(vii) in relation to animals
(viii) in relation to the environment

In Islamic view, the individual is entitled to wide-ranging rights, including the right to life, belief and conscience, equality, economic security, personal honour and dignity, justice and equal treatment under law without discrimination, information and freedom of expression, basic education, acquisition and ownership of property, choice of one’s spouse, and freedom of movement. These rights are not absolute but are subject to moral regulations and are inseparably bound up with their concomitant responsibilities.

Islam views man as essentially a moral being who has been endowed with the capacity for thinking, self-reflection and moral choice. As a moral being it is his responsibility to create and sustain an environment that is conducive to righteousness, brotherhood, cooperation and harmony and to combat evil and viciousness. An attitude of indifference and apathy not only encourages moral atrophy in society but also weakens the foundations of one’s cherished values. The Prophet is reported to have said, “If one of you witnesses an evil (being committed), he should stop it by physical force; if he cannot do this, he should try to counter it with his tongue; if he cannot do this either, he should condemn it in his heart. And this is the weakest part of faith”.

The Prophet emphasised that worship and prayer cannot absolve a man from his guilt of violation of human rights. He once asked his Companions: “Do you know who is a destitute?” They said, “A destitute among us is one who has neither money nor resources”. The Prophet said: “A destitute among my followers is one who would present himself on the Day of Judgement with prayers, fasting and zakat-tax (to his credit). At the same time, he had abused someone, had made a false accusation against someone, had usurped someone’s money, had spilled someone’s blood and had thrashed someone. All such people (who were victims of his harshness) would then be called; the virtues and good deeds of this man would be offered to them; their sins would be loaded onto him, and he would be thrown into hell”.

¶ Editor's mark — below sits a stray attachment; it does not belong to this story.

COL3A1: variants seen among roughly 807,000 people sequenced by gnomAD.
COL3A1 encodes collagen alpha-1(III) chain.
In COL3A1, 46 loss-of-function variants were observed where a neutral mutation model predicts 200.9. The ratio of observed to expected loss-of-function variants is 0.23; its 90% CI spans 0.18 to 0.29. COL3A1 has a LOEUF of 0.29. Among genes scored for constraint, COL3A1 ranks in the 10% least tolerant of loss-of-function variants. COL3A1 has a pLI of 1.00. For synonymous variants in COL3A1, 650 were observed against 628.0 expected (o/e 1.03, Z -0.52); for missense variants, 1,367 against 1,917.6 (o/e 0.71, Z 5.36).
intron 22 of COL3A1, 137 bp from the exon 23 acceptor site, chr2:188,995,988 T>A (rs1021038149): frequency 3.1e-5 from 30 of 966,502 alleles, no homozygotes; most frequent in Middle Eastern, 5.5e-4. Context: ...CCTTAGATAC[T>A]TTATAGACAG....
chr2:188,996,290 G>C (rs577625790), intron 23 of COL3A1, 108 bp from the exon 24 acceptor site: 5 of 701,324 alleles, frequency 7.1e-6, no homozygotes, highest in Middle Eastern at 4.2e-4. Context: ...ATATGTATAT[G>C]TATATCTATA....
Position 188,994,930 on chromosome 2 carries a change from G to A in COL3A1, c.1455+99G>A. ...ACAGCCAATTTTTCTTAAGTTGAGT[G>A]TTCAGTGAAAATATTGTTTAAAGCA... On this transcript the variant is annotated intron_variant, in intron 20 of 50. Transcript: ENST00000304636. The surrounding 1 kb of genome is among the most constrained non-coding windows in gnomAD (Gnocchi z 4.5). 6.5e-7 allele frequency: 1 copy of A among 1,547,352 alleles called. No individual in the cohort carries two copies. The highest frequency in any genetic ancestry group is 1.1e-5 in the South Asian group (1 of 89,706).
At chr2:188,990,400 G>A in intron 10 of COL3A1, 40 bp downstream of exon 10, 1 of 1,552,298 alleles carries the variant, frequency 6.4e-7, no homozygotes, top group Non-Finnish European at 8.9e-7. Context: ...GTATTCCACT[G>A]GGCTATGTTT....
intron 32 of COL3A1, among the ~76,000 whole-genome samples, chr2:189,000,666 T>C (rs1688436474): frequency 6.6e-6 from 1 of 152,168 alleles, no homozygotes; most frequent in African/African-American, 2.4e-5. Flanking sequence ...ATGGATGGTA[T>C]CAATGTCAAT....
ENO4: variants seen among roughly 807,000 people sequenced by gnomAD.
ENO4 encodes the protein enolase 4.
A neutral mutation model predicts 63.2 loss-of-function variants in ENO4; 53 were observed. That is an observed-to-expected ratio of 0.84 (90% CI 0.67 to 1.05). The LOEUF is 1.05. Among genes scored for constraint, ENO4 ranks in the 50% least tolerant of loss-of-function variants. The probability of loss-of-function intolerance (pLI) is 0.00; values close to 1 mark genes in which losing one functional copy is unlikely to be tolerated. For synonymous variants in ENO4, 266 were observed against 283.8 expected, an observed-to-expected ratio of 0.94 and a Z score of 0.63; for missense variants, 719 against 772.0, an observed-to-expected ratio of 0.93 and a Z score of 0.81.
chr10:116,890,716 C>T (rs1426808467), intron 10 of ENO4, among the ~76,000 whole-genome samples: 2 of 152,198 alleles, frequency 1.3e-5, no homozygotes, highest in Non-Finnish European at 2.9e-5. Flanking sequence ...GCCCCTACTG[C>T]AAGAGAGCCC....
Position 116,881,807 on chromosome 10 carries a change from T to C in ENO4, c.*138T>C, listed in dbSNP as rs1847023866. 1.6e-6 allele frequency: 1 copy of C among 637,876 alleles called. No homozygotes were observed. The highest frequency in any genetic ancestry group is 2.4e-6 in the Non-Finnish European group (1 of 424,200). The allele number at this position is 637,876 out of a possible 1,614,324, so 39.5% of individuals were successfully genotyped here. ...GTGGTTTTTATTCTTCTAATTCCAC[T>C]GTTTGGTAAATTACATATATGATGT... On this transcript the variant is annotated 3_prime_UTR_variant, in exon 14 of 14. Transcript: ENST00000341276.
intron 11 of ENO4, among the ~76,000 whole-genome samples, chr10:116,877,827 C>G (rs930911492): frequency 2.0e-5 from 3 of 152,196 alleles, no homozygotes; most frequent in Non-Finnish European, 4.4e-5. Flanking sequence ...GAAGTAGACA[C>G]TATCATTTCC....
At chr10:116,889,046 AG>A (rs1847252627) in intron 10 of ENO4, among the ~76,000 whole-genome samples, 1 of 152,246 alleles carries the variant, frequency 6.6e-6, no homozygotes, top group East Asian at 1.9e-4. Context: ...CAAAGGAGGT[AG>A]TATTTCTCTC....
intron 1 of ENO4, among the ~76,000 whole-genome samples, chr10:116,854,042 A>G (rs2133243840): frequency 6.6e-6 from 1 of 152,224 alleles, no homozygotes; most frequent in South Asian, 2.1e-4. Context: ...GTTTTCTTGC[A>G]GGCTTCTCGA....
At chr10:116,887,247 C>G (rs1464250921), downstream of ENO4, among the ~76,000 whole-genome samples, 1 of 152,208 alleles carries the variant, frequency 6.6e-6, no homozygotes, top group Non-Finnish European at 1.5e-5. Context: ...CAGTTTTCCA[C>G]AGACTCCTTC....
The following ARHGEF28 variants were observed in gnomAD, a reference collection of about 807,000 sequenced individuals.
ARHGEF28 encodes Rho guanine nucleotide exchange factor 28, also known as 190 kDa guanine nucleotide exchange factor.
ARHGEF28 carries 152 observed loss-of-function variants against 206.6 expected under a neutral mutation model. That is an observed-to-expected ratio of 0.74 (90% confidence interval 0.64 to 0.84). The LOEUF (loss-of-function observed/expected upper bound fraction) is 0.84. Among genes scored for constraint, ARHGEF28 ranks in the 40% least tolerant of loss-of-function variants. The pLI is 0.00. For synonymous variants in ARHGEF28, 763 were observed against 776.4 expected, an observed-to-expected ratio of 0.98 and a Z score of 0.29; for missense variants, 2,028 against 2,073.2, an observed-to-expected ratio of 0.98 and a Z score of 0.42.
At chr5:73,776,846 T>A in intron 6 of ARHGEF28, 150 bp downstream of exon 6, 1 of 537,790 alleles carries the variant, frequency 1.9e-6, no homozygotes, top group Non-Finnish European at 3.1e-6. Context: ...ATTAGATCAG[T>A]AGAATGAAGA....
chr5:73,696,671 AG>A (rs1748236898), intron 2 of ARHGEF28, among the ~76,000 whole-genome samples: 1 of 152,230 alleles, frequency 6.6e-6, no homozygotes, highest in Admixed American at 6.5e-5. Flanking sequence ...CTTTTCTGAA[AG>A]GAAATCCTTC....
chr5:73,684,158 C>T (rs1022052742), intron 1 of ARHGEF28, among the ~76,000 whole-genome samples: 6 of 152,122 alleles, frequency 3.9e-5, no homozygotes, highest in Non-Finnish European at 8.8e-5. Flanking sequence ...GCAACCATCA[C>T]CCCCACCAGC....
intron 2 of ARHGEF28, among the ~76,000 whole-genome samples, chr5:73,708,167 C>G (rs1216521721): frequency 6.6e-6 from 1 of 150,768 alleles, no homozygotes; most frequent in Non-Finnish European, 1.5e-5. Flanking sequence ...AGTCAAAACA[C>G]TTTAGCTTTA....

Legal Pluralism in Islamic Perspective

Legal pluralism is defined as a situation in which two or more legal systems coexist in the same society or social field. The contemporary discourse on legal pluralism takes little or no cognizance of the fact that a legal system may allow the coexistence of diverse legal cultures and traditions within its fold. This, for example, is the case with Islamic law.

Legal pluralism in the Islamic tradition is reflected in two distinct spheres: (i) the coexistence of divergent interpretations and schools of Islamic jurisprudence (ii) the recognition of the religious, cultural, legal and judicial autonomy of non-Muslim minorities living in Islamic state. The Prophet's Companions (Sahabah) and the Followers (Tabiun) had certain differences in matters of jurisprudence, legal pronouncements and religious rituals. Some of them recited the Bismillah aloud in prayers while others preferred to recite it quietly. Some recited the supplicatory invocation of Qunut in the pre-dawn prayers while others chose not to do so. Imam Shafii considered frogs, crabs and tortoises impermissible for consumption while some other jurists did not prohibit their eating. Imam Abu Hanifah was of the opinion that the quantum of blood money for a non-Muslim citizen of the Islamic state was the same as that for a Muslim. Imam Malik and Imam Ahmad ibn Hanbal, on the other hand, held that it should be half of that of a Muslim, while Imam Shafii opined that it should be one-third.